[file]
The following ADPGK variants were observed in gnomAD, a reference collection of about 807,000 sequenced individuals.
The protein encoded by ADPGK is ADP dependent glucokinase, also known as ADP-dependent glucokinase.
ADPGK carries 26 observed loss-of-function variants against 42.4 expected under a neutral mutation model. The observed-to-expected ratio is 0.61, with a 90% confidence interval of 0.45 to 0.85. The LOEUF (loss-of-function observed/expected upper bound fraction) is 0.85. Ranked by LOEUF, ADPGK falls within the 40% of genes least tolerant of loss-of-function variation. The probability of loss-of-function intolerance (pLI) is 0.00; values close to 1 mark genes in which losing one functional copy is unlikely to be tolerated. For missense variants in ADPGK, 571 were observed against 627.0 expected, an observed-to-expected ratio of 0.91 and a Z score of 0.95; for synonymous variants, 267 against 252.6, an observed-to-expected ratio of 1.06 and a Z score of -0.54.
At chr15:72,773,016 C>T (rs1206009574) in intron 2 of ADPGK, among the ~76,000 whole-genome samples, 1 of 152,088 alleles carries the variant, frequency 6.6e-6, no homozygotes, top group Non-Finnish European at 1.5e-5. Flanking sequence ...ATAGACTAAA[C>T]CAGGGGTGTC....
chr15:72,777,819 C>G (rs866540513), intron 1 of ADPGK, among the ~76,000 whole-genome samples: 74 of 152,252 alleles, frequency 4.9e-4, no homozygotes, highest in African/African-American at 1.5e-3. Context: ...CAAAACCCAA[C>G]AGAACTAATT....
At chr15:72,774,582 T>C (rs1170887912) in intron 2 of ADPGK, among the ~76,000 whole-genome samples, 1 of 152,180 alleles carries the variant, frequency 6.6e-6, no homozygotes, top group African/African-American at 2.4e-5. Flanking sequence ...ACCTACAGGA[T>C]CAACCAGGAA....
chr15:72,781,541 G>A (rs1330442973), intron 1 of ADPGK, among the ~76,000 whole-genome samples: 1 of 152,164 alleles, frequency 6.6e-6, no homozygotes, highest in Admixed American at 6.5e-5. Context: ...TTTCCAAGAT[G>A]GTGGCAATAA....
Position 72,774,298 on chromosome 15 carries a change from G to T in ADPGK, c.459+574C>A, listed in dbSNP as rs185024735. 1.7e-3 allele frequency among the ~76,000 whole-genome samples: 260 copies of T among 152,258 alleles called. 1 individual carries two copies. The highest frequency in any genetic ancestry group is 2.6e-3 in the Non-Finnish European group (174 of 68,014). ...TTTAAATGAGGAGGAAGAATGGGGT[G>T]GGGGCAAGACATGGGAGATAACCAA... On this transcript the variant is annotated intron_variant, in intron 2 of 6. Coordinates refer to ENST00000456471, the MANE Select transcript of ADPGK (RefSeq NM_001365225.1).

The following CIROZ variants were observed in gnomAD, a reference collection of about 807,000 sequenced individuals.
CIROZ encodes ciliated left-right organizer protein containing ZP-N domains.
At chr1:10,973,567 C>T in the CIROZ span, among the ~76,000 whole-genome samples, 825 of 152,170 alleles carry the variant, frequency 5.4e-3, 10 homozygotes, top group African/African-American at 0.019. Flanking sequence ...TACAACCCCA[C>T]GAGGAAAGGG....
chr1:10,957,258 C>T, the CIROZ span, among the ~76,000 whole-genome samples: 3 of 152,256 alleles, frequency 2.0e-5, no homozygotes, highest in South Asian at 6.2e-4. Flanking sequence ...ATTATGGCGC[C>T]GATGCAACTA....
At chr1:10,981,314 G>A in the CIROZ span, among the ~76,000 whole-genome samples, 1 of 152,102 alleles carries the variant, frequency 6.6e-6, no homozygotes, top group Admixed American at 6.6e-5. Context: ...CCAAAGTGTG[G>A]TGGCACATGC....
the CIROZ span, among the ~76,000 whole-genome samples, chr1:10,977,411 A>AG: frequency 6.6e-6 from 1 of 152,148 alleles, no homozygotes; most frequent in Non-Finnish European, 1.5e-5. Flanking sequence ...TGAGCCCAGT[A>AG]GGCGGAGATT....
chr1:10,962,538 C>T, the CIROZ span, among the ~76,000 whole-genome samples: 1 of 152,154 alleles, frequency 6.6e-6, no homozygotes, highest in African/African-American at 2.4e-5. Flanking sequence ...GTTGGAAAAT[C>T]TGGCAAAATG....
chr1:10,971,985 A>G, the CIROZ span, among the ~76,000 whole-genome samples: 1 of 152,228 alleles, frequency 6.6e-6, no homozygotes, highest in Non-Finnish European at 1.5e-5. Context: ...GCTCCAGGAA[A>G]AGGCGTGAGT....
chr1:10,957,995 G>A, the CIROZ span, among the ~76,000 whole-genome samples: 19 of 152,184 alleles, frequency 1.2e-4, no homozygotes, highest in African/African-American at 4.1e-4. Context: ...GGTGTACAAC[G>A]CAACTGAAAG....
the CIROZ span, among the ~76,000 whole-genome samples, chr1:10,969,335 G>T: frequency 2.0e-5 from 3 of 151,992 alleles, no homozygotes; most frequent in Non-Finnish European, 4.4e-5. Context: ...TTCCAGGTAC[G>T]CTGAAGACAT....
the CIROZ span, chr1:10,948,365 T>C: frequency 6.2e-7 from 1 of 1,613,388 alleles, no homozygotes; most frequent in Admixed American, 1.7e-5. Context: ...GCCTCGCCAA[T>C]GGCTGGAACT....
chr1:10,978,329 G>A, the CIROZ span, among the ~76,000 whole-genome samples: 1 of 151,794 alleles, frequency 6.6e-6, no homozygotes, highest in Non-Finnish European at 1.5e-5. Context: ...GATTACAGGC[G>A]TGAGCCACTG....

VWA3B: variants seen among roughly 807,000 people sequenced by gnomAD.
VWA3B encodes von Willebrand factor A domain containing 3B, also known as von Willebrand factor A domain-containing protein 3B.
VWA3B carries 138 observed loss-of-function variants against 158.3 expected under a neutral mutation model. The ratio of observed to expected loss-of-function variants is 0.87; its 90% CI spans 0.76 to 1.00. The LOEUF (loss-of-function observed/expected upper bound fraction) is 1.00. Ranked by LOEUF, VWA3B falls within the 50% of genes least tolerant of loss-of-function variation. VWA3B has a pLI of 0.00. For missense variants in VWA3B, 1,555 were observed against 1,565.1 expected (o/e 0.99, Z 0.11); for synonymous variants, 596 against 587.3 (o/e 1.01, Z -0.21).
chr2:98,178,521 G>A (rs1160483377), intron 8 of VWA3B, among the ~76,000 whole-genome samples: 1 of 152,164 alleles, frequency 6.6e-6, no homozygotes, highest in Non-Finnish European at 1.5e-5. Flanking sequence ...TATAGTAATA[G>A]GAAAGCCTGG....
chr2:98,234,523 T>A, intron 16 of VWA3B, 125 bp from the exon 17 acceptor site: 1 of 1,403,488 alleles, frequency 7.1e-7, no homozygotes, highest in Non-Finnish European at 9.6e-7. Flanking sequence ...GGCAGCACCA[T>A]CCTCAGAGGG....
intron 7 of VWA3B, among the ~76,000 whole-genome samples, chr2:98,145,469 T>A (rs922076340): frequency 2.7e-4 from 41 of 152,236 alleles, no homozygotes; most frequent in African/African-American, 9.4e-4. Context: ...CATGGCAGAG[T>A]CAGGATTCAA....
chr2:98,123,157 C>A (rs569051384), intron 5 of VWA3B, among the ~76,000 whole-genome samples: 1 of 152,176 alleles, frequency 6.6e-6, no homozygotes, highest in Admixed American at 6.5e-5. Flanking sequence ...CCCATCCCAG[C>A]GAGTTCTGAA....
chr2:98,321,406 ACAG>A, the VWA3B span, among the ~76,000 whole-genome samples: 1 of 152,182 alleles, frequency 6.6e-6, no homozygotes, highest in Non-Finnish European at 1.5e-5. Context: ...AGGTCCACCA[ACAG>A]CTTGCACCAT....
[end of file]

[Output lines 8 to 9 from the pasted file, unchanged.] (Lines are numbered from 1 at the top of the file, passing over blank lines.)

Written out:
Position 72,774,298 on chromosome 15 carries a change from G to T in ADPGK, c.459+574C>A, listed in dbSNP as rs185024735. 1.7e-3 allele frequency among the ~76,000 whole-genome samples: 260 copies of T among 152,258 alleles called. 1 individual carries two copies. The highest frequency in any genetic ancestry group is 2.6e-3 in the Non-Finnish European group (174 of 68,014). ...TTTAAATGAGGAGGAAGAATGGGGT[G>T]GGGGCAAGACATGGGAGATAACCAA... On this transcript the variant is annotated intron_variant, in intron 2 of 6. Coordinates refer to ENST00000456471, the MANE Select transcript of ADPGK (RefSeq NM_001365225.1).

The following CIROZ variants were observed in gnomAD, a reference collection of about 807,000 sequenced individuals.